A “radical” shake-up of the “overly complicated” high needs FE system is required, following a quadrupling in the number of learners with special educational needs and disabilities, new research has found.
The Association of Colleges, specialist providers’ organisation Natspec, and the Local Government Association (LGA) have today released a joint report into the planning, commissioning, funding and support of provision for post-16 high needs learners.
It found a litany of problems with the system, including Education, Health and Care Plans (EHCPs) which are “not sufficiently up to date”; statutory deadlines being missed; arrangements for transitioning learners from school to further education being delayed, and possibly not taking place at all.
High needs learners are jointly funded by the Education and Skills Funding Agency and local authorities. Under the current system, the ESFA pays £5,200 for every student, regardless of whether they are high needs. The agency then pays an additional £6,000 per place for each high needs student to their college or specialist provider, but claims this against the local authority’s budget. The local authority then pays any costs to the provider for delivering to a high needs student above an £11,200 threshold.
In the report, the £5,200 funding for every student is higher than the £4,188 base rate for 16 to 18-year-olds which the government introduced this academic year, because the authors say the former figure includes adjustments for student retention, programme cost weightings, and disadvantage funding.
Chair of the LGA’s children and young people board, Judith Blake, said an “overhaul and streamlining” was needed for processes to improve the system for local authorities and colleges.
She continued: “This has become more urgent due to the huge increase in size and complexity of the task faced by councils and providers in supporting young people with SEND, with funding not keeping up with the rising demand for support.”
The report’s authors say the number of 16 to 25-year-olds with an EHCP, or a SEND statement, has quadrupled between 2015 and 2020, from 25,548 to 108,308.
The rise has been caused by a number of factors, including the Children and Families Act 2014 extending EHCP eligibility up to 25 years of age, which brought more people into the system.
At the same time as this increase in demand, the AoC and Natspec say their members are facing financial pressures due to a “squeeze” on local authority budgets and real terms cuts to FE funding over the past ten years.
So a “more radical re-working of the whole system” of high needs post-16 system is required, as the report’s authors found demand for places is likely to be outstripping supply in many local authorities, and providers are having to invest in creating extra capacity without the promise of a return.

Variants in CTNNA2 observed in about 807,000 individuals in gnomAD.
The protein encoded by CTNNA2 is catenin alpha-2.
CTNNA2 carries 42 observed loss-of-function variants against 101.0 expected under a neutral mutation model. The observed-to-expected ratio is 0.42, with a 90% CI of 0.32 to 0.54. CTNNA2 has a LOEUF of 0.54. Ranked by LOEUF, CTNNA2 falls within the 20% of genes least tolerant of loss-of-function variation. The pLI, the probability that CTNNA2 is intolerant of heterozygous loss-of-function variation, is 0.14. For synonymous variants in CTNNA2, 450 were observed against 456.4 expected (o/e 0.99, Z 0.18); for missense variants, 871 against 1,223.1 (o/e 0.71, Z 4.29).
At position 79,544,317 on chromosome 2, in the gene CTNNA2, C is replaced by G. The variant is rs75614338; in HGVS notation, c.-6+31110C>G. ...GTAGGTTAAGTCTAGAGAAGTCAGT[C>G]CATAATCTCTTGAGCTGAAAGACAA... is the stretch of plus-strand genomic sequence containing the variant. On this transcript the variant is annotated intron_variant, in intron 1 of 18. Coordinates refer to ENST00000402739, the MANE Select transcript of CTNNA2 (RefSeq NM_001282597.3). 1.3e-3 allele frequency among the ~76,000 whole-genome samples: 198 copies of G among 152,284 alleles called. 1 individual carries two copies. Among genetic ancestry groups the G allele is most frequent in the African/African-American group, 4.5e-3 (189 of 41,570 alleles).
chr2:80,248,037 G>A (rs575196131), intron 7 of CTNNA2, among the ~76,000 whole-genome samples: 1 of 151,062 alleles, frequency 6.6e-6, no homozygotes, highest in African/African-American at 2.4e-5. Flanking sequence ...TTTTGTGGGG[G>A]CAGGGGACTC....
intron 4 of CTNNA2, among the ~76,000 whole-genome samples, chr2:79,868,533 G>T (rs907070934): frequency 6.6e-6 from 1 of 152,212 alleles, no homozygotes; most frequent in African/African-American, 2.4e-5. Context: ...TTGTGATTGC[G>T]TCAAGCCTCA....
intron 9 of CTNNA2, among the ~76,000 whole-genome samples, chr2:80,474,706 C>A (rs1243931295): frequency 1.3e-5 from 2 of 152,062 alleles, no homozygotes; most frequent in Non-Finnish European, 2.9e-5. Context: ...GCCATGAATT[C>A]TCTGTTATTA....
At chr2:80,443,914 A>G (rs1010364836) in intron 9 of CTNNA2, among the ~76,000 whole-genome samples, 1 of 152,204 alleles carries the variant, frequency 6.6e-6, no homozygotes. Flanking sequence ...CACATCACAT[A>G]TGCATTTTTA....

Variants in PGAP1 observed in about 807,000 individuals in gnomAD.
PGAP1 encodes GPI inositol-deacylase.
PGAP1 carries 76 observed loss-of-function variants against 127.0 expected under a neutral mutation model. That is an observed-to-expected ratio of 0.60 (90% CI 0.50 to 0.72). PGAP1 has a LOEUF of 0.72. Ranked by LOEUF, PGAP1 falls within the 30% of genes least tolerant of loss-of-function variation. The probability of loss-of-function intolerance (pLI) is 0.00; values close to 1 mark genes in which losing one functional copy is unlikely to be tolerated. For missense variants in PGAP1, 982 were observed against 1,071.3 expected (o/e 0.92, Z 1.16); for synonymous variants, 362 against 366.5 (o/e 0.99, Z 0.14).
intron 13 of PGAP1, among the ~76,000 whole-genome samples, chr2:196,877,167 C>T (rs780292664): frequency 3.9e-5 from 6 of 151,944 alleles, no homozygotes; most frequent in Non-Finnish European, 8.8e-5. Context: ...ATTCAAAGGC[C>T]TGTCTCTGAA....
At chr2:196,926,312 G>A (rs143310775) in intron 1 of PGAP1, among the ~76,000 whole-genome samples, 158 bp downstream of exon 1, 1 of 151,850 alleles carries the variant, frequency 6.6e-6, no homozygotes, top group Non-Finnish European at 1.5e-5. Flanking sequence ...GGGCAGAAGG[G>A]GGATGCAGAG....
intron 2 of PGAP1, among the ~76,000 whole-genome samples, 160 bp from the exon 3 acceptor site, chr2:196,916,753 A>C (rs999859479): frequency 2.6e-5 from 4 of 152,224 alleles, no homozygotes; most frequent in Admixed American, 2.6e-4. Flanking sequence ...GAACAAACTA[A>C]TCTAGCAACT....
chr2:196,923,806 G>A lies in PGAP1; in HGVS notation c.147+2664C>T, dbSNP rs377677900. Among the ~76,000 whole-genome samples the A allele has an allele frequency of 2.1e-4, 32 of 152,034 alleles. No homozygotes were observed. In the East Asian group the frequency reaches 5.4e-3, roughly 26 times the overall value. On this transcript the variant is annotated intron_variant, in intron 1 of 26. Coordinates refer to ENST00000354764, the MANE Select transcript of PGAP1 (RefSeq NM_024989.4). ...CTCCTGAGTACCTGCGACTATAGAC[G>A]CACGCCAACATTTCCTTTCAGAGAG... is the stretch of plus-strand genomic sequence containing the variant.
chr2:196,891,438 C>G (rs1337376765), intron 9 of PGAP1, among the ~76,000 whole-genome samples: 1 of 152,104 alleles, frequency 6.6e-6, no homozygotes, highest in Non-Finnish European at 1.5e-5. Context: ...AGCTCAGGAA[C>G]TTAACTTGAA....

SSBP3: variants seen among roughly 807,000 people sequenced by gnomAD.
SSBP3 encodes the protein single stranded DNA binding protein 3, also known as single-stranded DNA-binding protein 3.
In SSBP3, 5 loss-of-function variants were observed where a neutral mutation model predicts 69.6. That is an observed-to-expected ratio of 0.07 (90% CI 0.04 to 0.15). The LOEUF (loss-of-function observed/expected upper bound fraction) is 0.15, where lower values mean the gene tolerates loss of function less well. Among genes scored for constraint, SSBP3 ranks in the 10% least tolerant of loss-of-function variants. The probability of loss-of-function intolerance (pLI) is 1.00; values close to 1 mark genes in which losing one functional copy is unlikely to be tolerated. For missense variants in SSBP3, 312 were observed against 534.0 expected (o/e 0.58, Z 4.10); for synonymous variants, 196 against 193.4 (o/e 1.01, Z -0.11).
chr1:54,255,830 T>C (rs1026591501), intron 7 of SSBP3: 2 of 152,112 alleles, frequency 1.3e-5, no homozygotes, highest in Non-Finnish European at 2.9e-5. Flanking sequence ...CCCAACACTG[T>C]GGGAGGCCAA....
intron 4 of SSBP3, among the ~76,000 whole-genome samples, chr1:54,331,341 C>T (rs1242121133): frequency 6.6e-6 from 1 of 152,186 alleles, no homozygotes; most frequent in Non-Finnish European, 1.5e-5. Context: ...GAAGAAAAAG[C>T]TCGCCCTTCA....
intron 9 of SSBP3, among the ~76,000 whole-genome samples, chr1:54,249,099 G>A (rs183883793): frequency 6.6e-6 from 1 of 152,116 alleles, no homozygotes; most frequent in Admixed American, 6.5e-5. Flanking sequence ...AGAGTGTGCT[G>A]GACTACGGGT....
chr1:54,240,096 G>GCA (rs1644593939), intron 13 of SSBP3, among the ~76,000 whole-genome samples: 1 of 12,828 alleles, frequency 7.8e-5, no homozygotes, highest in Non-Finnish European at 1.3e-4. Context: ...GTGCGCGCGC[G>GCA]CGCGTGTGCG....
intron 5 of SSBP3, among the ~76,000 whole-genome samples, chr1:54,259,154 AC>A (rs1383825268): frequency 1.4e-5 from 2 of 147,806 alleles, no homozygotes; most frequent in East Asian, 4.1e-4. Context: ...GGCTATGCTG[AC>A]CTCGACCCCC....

Although £700 million in high needs post-16 funding was announced for 2020-21 at the Spending Round in 2019, the report cites LGA research which found councils face a high-needs deficit of at least £889 million for that period, owing to the rising demand.
The AoC’s SEND policy officer Liz Maudslay said that while they welcome the 2014 reforms, for them to be “effective, there is a need for significant changes to implementation processes”.
The report recommends greater planning of provision, after it had seen “little evidence that longer term planning of post-16 High Needs provision is currently taking place”.
Planning could be aided by having “block agreements”, where providers and local authorities agree funding for provision as a block rather than at an individual learner level.
This, the report reads, could “guarantee a fixed level of income in respect of a target number of 16+ young people with high needs, simplify the costing of provision, and thereby facilitate the planning process”.
Another theme of the report is greater collaboration: between providers, and between them and their local authorities.
Authorities should involve all post-16 providers in regular strategic planning discussions about provision for learners who are leaving school provision, the report argues.
Furthermore, post-16 providers should be given access to pre-16 learners earlier, as it would make it “more likely the young person’s post-16 needs and aspirations will be known in good time,” and planning their transition to the post-16 provider will be “more effective”.
Natspec chief executive Clare Howard welcomed this recommendation in particular, as she says: “The detrimental effects of the system on all young people are amplified for the small number with the most complex needs, who require more specialist provision.”
Another recommendation is for the “currency and content” of EHCPs needs to be improved to be fit for post-16 purposes, with the report saying plans are often not updated, “too many” reports display “little or no knowledge of the further education sector,” and providers feeling there is little point securing EHCPs as students could be with them for just two years, and additional SEND funding is “limited”.
Natspec, the AoC and the LGA commissioned acl consulting to carry out this research. The authors interviewed 25 local authority staff at 10 authorities, and 50 staff from 28 providers – 14 GFECs and 14 specialist post-16 institutions – as well as several stakeholders, representatives of the study sponsors, and other interested parties.